Astragalus has a long tradition in Chinese medicine and is used for a variety of conditions. It has been shown to assist with respiratory illnesses such as colds and flu as well as helping to protect the heart and liver. This is also another great immune system strengthener.
Who doesn’t love olives as part of a salad, antipasti board or with drinks?
Although only popular on the menu in this part of Europe for the last 40 years or so, they are certainly not a new food – the Romans couldn’t live without them and even managed to grow them in the UK!
The wide ranging fantastic health benefits of eating olives are now well known. Their monounsaturated fatty acid content helps to maintain our HDL or ‘good’ cholesterol, while polyphenols assist in reducing chronic inflammation. Olives also have anti-fungal and anti-bacterial properties, great for detoxification and a fantastic boost for our skin and hair.
Unfortunately, so many in the shops are packed in cheap oils and other additives and to be honest the flavour can often be less than exciting.
Olives from your local deli can be amazing and definitely worth buying but as with all such products – they won’t be cheap!
This is one example where making your own is not only super quick and significantly more economical. You’ll also be rewarded with a healthier and much more delicious end result.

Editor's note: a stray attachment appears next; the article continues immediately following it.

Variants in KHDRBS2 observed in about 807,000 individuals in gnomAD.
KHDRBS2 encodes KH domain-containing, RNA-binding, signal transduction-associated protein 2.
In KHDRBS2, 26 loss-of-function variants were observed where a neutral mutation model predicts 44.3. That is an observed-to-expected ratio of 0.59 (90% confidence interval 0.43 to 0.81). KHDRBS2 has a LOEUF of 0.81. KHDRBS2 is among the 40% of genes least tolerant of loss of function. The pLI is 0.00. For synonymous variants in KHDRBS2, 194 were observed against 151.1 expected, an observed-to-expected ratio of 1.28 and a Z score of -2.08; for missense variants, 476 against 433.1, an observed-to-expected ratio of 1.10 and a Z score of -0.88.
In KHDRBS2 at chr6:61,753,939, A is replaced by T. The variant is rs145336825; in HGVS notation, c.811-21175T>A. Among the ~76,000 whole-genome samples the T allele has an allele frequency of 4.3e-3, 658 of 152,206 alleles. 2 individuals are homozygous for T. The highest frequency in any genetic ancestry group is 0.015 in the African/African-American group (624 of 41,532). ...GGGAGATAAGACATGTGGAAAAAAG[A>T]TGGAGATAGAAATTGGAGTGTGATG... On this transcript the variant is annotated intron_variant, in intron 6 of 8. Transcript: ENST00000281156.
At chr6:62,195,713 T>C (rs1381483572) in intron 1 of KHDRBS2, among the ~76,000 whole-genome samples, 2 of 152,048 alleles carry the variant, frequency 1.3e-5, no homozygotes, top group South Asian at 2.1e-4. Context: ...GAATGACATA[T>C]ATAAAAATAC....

So, here’s a quick kitchen hack to make my favourite super smart olives, super easy!
1 small jar of stoned green olives in brine
Zest of 1 lemon
1 clove of garlic
1 sprig of rosemary
Empty the olives into a sieve and wash off the brine. Leave to dry.
Remove the zest from the lemon and chop into small strips. Chop the garlic into thin slices.
Remove the rosemary needles from the stalk.
Mix the lemon, garlic and rosemary with the olives, season with a little black pepper and pack into a glass jar.
Pour over enough olive oil to completely cover, and leave for at least 12 hours to marinate.
Make sure that the olives fill the jar you’re using without leaving too much space around them, otherwise you will need loads of olive oil to cover.
Try sprinkling with a little freshly chopped parsley just before serving for extra colour and detox benefits. Don’t forget that once the olives have been eaten, you’ll also have a fantastic flavoured olive oil left to cook with.
Store in the fridge but bring to room temperature before you enjoy them. These will keep really well, just make sure that they stay covered in olive oil – top up if you need to.
Spring is finally actually here (we hope!) and it’s the perfect time to start experimenting with some salads.
I’ve always loved slaws as they’re just so versatile. Add to basic greens and you have a colourful salad, add to a sandwich or just serve as a side to add some raw goodness to a main dish.